“I walked in bearing goodies, met Evelyn, and told her I could do anything with a logo on it,” says Bollinger. When asked if she could produce an award in a day, “Of course I said yes! I felt this could be a big opportunity, and scrambled to get it done,” she says.

From that first order she produced lots of awards and lapel pins for the chain. She even began providing uniforms, despite the fact that Pizza Hut said they had to come from corporate headquarters.

“I asked Evelyn about the managers’ shirts, which were shipped from Texas. I told her she was spending a lot on shipping. I had my embroiderer do a new logo, and ended up providing lots of apparel in the Western states for Pizza Hut,” Bollinger says.

That was 15 years ago, and she continues to provide promotional items for Pizza Hut franchises. She has worked with Pizza Hut through its conversion to a franchise business, by being proactive and staying on top of organizational changes that affected the corporation’s promotional buying.

Pizza Hut is currently offering delivery on bikes, so there is a safety aspect to their promotional needs. As a result, Bollinger is now producing safety wearables, flashlights and safety cones, as well as putting safety awareness messages on water bottles, in addition to other employee gifts.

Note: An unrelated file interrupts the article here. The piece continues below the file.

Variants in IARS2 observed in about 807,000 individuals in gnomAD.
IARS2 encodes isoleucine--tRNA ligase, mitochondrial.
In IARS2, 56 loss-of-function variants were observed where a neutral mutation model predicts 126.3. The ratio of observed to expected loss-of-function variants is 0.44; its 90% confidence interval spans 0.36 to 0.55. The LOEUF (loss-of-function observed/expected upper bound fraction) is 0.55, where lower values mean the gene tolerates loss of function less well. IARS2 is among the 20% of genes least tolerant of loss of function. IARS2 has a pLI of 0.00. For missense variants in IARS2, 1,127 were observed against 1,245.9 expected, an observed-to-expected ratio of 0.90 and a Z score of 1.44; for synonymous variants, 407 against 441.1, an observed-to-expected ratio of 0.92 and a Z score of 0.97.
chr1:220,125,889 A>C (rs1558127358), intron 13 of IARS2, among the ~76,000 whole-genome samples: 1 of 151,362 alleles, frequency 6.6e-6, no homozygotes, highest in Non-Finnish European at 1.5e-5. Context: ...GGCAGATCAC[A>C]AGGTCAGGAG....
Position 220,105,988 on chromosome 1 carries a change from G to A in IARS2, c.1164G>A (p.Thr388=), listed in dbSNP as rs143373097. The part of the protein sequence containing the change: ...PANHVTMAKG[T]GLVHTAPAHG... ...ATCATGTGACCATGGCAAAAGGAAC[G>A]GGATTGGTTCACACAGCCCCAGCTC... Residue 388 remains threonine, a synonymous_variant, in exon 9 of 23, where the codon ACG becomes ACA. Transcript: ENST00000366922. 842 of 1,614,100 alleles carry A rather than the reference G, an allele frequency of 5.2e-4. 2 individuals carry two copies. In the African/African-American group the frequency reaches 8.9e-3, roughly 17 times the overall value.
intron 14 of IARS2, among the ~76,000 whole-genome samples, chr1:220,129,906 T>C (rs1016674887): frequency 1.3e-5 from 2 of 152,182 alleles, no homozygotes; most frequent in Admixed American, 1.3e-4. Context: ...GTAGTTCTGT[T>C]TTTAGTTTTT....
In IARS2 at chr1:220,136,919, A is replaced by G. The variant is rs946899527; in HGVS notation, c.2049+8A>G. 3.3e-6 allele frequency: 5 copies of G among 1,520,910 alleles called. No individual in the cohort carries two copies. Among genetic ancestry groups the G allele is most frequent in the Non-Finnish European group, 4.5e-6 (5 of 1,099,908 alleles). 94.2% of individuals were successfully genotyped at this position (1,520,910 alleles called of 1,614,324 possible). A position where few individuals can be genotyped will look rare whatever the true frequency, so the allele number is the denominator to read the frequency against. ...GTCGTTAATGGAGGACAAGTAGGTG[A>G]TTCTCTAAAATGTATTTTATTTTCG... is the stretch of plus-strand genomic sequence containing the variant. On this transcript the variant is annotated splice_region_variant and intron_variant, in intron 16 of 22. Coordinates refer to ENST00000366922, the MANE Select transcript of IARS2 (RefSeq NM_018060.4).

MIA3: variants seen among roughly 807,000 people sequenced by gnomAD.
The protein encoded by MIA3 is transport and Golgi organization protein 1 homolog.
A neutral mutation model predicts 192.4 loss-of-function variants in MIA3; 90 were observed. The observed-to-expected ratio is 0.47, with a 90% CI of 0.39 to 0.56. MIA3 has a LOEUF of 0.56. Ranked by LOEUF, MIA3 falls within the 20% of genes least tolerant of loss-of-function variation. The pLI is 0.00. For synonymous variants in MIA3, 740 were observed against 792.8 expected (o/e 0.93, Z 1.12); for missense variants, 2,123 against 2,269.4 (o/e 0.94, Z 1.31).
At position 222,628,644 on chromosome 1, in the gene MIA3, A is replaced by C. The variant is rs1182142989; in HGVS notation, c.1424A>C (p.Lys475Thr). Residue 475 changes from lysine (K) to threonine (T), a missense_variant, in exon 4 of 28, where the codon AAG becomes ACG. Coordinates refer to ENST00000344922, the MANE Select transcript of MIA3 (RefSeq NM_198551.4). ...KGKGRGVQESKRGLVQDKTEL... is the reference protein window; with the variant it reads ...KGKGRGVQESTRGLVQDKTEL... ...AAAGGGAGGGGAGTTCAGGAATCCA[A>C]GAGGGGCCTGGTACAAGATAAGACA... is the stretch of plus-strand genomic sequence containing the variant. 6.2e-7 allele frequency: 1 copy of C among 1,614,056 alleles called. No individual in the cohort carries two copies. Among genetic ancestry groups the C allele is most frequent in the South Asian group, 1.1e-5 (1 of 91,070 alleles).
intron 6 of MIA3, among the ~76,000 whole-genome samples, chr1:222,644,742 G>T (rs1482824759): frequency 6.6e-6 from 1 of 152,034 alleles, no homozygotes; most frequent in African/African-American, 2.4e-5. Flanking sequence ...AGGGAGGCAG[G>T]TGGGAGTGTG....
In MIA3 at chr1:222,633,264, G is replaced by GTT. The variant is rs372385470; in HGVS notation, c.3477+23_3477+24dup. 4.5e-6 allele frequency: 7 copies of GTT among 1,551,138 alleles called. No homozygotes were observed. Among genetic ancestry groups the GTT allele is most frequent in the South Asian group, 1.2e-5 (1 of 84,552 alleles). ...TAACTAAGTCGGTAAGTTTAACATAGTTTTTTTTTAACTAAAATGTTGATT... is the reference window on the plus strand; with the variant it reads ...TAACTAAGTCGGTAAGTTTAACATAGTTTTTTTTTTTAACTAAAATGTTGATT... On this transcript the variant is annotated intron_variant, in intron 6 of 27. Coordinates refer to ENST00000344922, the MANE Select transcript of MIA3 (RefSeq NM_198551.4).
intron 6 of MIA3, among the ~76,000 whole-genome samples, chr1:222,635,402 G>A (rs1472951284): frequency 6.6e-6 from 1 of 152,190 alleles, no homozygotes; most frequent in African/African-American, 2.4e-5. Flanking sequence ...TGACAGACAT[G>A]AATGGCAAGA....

“People work very hard in the restaurant industry and good companies like to reward them,” she says. She has provided awards to deserving employees, as well as Christmas gifts for district managers to present to top store managers. These range from pens to jackets.


Steven R. Flaughers, owner of Proforma 3rd Degree Marketing (asi/300094), who moonlights as the lead singer in a country music band, says he landed a steady account at The Thirsty Cowboy after playing a few gigs at the country western bar. He provides Thirsty Cowboy T-shirts and cami tops for the ladies logoed with “Cowgirls Get Thirsty Too.” All are available for purchase.

He also supplies the client with a number of giveaway items. “This client is all about partying,” says Flaughers, noting that the owner will randomly decide to do a promotion or have an event and order promotional merchandise like stadium cups, beverage coolers, caps, carabiners and keychains.